Important Things to Consider Before Starting a New Business
As an attorney with a practice focusing on Business Law and Estate Planning, I have met a fair share of individuals who have started businesses without doing the proper legwork and without knowing what they were getting themselves into. Before long, problems with business partners, legal issues, and money issues throw the business into a downward spiral, ending what could have been a successful venture. Eventually this leads them down the path of litigation. It is my job to help my clients start off on the right foot, ensuring their success in whatever business venture they choose. Below I have listed a few things that you should think about when starting a new business.
1. Business Plan
Before starting your business, it is essential to create a strong business plan. A business plan could range from a few pages, to hundreds of pages. Having a great business idea isn’t enough; you have to have good business plan to address your business concept, financial figures and your market. It should outline the company’s vision, and should be structured so that it attracts investors, partners and even vendors. People want to be in business with someone who has a plan on how to make their idea successful, not just someone with a good concept.
2. Naming your Entity
When creating an entity, one of the first things you have to do is select a name that is not currently owned or being used by another entity. You can do a name search at the Secretary of State website. The last thing that you want to deal with is a lawsuit demanding that you change the name once you have started your business.
3. What type of Entity do you need?
Notice the headline states what type of entity “do you need” and not what type of entity do you want. Quite often I have individuals who come to their consultations to create a “Corporation”, without understanding what that means. For example most people don’t know that a C Corp., has double taxation and might be a bit too much for most start-ups. Knowing what type of entity is best for you is important because different entities have different advantages and disadvantages and are also taxed differently. Although both the LLC and S Corp offer pass through taxation, and offer some form liability protection, there are some differences that could impact your choice. Speak with a business attorney and a CPA to determine what is the best option for you.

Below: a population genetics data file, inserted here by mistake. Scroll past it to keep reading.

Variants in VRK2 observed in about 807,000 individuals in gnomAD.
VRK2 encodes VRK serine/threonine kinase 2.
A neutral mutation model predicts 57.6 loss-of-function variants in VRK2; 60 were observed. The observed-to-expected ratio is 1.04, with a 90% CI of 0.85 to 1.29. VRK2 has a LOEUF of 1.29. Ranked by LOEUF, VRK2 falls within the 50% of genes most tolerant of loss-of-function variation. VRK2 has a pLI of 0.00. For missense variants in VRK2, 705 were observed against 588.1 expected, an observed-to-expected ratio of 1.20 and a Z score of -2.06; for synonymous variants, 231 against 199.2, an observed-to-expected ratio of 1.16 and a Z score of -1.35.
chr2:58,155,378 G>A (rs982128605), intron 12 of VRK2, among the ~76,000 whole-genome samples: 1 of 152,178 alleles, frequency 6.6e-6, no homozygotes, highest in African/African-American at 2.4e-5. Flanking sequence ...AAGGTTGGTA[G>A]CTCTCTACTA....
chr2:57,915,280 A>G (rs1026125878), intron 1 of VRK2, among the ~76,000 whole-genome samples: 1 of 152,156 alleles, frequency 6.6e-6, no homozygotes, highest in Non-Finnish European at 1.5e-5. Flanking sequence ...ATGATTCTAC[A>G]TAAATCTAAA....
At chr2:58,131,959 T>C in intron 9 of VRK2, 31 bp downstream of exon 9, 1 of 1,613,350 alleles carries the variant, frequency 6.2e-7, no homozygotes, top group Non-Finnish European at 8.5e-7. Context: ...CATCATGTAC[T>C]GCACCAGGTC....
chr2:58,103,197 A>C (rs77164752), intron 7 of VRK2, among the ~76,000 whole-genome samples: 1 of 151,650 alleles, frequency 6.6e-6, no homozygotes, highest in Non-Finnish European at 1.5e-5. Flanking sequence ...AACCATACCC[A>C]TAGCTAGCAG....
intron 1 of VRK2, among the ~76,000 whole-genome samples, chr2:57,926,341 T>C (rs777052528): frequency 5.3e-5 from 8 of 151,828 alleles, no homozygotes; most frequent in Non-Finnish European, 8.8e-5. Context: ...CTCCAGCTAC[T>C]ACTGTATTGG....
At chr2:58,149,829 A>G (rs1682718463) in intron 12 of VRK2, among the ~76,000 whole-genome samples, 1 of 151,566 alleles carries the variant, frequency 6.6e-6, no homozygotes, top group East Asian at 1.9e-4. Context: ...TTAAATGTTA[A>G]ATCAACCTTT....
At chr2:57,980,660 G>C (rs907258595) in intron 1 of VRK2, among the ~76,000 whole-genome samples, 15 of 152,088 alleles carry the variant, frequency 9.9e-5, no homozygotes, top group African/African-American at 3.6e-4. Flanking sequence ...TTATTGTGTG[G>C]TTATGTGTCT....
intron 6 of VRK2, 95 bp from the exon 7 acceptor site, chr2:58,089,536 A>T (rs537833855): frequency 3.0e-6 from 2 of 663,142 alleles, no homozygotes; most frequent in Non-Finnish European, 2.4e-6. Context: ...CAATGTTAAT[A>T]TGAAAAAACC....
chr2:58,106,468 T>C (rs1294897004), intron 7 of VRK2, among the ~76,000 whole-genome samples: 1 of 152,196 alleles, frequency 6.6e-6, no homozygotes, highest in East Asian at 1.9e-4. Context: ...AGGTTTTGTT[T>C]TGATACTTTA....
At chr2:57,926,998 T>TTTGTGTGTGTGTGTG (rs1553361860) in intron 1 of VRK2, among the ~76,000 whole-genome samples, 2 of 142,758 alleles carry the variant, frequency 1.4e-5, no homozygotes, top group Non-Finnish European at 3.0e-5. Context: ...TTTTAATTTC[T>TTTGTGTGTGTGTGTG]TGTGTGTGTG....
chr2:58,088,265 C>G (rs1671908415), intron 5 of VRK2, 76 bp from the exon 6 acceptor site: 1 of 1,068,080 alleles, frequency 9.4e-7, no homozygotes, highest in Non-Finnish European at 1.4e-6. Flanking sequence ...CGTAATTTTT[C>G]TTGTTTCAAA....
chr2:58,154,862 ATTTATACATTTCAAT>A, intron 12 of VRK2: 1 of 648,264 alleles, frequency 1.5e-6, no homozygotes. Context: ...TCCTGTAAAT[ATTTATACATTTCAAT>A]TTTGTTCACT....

4. Different documents that you will need
Depending on the type of entity you create; you will need to file the Articles of Incorporation or Organization with the Secretary of State. You will also have to file the Statement of Information. Depending on the structure of your company and the number of members/directors, you will need to draft Corporate Bylaws or an Operating Agreement, which will provide your business with a concrete framework on how to function. Just as the Articles are important for the creation of the entity, the Bylaws and Operating Agreement are crucial for the internal governance of the entity.
- An LLC’s Operating agreement is entered into between all of the members (owners) of the new LLC. As the owners of the LLC the members have the ability to determine how they want their company to run. The operating agreement can be as complex or as simple as the members want it to be. Generally the operating agreement will set forth the initial members contributions, responsibilities, accounting details and can also include details about the tax issues related to the LLC.
- Corporate Bylaws are similar to the Operating Agreement and determine how the Directors of a corporation will essentially run the company. Under California Corporations Code Section 212, corporation’s bylaws must set forth(,) among other thing(s), the number of corporate directors and how the corporation can add or remove a director. The Bylaws must also include: (1) time and place for shareholder and director meetings, (2) compensation and qualification for directors, (3) creation of financial statements to the shareholders.
5. Avoiding conflict
Be Proactive!! This is your business. I don’t know anyone who decides to start a business, intending and expecting it to fail. If you are, then stop and go get a 9 to 5 job. Maybe being self-employed is not for you. However, if you feel like you are ready to take the next step, do it right the first time. A lot of people go into business with their friends and family members without having the proper contracts and agreements in place. STOP. For the sake of your family and friendship, do the right thing, and make sure that you have all the necessary partnership and business agreements in place. Doing so will avoid conflicts that could arise from running a business. If you outline your individual roles and have a plan in place, you will save yourself a lot of money, a lot of trouble and guide your business down the path to success.
Good luck with your new business venture.